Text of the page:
According to a popular narrative (e.g. Shiller 2008), the Great Recession was caused by a bubble in the housing market. When the bubble burst, households were left with mortgages that exceeded the values of their houses. When they stopped spending, the resulting fall in consumer demand triggered an increase in unemployment.
Market psychology, high unemployment and rational bubbles
Roger E. A. Farmer , 18 August 2011
The allocation of time over the business cycle
Erik Hurst, Loukas Karabarbounis, Mark Aguiar, 17 August 2011
After years of steady growth, the global economy has turned and so too has the interest in unemployment (see recent examples on this site Smith 2011 and Cingano and Rosolia 2011). The rising levels of unemployment around the world bring up some key questions:
The ins and outs of UK unemployment
Jennifer Smith, 18 July 2011
The labour market is in a continual state of flux. Workers are hired, fired, joining the labour force and leaving the labour force. The balance of these flows determines the unemployment rate.
Where are the jobs? Out there, somewhere. Perhaps.
Alfonso Rosolia, Federico Cingano, 17 July 2011
The global crisis hit jobs hard. According to the OECD, between 2007 and 2010 the number of employed people fell by almost 5 million throughout OECD countries and the number of job seekers rose by over 16 million.
Egypt’s demographic pressure – Where and how to create jobs?
Marga Peeters, 2 June 2011
Demographic developments place Egypt among the group of countries around the globe with the highest labour-supply growth for many years to come. The Egyptian economy can reap a demographic dividend from this human capital potential if the new entrants find a job (see also Noland and Pack 2008).
Coping with crises: Policies to protect employment and earnings
Pierella Paci, Ana Revenga, Bob Rijkers, 19 April 2011
“There cannot be a crisis next week. My schedule is already full.” – Henry A Kissinger
The roots of the German miracle
Hermann Gartner, Christian Merkl, 9 March 2011
While the US labour market has seen a dramatic loss in jobs in the Great Recession, the German labour market has seemed to be unaffected – the number of employed workers has remained stable. This is all the more surprising as German GDP dropped more than in the US in 2009 (-4.7% vs. -2.7%). Some economists (e.g.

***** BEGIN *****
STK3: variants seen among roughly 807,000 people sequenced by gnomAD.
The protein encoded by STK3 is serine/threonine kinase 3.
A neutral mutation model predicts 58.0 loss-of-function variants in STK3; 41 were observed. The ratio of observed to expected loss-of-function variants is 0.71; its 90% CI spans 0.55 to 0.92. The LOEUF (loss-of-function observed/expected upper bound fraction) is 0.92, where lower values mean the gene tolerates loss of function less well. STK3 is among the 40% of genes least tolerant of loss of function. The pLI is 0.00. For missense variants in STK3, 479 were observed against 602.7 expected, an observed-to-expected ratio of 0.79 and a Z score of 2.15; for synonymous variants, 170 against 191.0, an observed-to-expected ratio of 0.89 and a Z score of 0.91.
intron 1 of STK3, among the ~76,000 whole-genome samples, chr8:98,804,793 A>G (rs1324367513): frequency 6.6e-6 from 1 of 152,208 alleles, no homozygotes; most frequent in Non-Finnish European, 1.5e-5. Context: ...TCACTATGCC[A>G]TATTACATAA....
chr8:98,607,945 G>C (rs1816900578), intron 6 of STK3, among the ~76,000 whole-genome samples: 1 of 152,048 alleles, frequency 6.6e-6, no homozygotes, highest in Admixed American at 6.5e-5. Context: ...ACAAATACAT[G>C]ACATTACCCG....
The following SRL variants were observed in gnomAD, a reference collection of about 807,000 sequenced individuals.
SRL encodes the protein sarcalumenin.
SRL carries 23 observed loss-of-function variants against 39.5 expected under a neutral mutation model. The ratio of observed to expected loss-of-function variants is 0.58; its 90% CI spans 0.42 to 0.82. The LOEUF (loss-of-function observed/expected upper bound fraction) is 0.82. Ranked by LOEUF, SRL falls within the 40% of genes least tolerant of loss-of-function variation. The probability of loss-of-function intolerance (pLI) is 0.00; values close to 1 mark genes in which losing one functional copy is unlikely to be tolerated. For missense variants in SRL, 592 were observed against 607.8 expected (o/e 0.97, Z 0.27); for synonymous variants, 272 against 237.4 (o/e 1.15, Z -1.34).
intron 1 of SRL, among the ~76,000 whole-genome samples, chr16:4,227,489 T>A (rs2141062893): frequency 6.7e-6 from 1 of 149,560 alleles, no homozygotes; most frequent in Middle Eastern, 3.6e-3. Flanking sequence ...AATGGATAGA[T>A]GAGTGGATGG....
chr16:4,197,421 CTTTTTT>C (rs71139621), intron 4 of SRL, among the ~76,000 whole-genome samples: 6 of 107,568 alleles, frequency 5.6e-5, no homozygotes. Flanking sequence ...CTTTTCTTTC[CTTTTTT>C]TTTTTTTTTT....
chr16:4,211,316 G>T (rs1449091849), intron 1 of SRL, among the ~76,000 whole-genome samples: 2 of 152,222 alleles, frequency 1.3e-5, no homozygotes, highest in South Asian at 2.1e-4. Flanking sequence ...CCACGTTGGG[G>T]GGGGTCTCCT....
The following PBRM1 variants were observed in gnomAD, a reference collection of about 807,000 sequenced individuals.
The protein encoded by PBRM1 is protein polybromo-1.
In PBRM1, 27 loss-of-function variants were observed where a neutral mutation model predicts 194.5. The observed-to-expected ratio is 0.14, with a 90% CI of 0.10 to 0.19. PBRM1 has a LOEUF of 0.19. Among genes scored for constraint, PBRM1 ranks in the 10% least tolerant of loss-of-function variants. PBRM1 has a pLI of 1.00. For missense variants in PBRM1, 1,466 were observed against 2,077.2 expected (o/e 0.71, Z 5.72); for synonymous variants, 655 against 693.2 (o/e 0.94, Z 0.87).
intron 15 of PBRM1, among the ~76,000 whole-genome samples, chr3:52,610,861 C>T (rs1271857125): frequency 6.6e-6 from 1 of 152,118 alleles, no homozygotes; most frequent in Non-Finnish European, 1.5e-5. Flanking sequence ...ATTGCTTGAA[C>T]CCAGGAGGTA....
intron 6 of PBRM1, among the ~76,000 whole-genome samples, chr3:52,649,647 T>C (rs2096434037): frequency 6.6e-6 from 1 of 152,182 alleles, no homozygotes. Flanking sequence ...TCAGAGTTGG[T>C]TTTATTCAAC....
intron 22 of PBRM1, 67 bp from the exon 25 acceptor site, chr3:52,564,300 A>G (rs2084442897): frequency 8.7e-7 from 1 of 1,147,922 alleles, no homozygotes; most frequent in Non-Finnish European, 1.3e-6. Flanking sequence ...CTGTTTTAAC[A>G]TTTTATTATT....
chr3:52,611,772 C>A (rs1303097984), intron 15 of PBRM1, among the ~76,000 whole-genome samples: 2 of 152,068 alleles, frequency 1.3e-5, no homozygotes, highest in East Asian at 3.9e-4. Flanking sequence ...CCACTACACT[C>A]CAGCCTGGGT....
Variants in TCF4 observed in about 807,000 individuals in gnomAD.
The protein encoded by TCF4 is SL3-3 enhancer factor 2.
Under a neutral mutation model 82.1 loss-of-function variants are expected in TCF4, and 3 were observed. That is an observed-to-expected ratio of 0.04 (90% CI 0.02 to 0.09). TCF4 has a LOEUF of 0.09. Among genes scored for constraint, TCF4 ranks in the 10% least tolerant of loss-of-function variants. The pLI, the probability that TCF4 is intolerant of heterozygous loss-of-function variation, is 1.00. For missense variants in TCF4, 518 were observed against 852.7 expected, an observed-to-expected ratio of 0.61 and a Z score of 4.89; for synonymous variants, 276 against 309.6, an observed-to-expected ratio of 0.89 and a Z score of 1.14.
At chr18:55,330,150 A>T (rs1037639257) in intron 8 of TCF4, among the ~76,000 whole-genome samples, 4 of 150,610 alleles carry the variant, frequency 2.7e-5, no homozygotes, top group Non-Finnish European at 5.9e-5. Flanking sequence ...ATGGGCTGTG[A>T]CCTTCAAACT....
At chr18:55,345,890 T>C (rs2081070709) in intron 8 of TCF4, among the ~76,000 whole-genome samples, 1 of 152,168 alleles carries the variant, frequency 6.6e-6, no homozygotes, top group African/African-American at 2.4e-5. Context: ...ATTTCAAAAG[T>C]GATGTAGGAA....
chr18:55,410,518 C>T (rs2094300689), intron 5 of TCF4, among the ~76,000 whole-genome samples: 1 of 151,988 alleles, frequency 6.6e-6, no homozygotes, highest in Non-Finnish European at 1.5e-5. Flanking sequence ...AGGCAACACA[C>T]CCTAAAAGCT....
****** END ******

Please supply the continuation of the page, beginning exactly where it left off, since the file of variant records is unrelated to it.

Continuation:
Deviations from the Taylor rule and the dual mandate
Nicolas Groshenny, 2 February 2011
According to its official mandate, the Federal Reserve sets the federal funds rate to achieve a dual goal of price stability and maximum sustainable employment. Since the global crisis erupted, debate has been raging over the Federal Reserve's conduct of monetary policy over the period 2002-2006.
Is short-time work a good method to keep unemployment down?
Pierre Cahuc, Stéphane Carcillo, 1 February 2011
Short-time compensation (or short-time work) aims at reducing lay-offs by allowing employers to temporarily reduce hours worked while compensating workers for the induced loss of income. At present, short-time work schemes are widespread among OECD countries, having grown in popularity during the Great Recession.
Immigration, offshoring and US jobs
Gianmarco I.P. Ottaviano, Giovanni Peri, Greg C Wright, 18 November 2010
Manufacturing production and employment in the US has been in decline over recent decades. This loss of jobs is often blamed on a combination of multinational firms relocating jobs abroad and immigrant workers increasing competition in the labour market. But measuring the impact of globalisation on jobs is more difficult than that, even if many choose not to believe it.
- Secular stagnation: Facts, causes, and cures – a new Vox eBookTeulings, Baldwin
- Can large primary surpluses solve Europe’s debt problem?Eichengreen, Panizza
- The unrecognised benefits of grade inflationBoleslavsky, Cotton
- The US manufacturing base is surprisingly strongMoran, Oldenski
- Long-term damage of the US court’s Argentinian debt rulingFrankel
- A tale of two depressions: What do the new data tell us? February 2010 updateEichengreen, O’Rourke
- Educated in America: College graduates and high school dropoutsHeckman, LaFontaine
- Eurozone breakup would trigger the mother of all financial crisesEichengreen
- Panic-driven austerity in the Eurozone and its implicationsDe Grauwe, Ji
- Debt, deleveraging, and the liquidity trap: A new modelKrugman
CEPR Policy Research
- The buyer margins of firms' exportsCarballo, Ottaviano, Volpe
- Commodity and Equity Markets: Some Stylized Facts from a Copula ApproachDelatte, Lopez
- Ethnic Unemployment Rates and Frictional MarketsGobillon, Rupert, Wasmer
- Finance and Poverty: Evidence from IndiaAyyagari, Beck, Hoseini
- The Manipulation of Basel Risk-WeightsMariathasan, Merrouche
- The economics of Scottish independence in an interdependent worldHughes Hallett
- Making city lights shine brighterYusuf, Leipziger
- The euro in the 'currency war'Bénassy-Quéré, Martin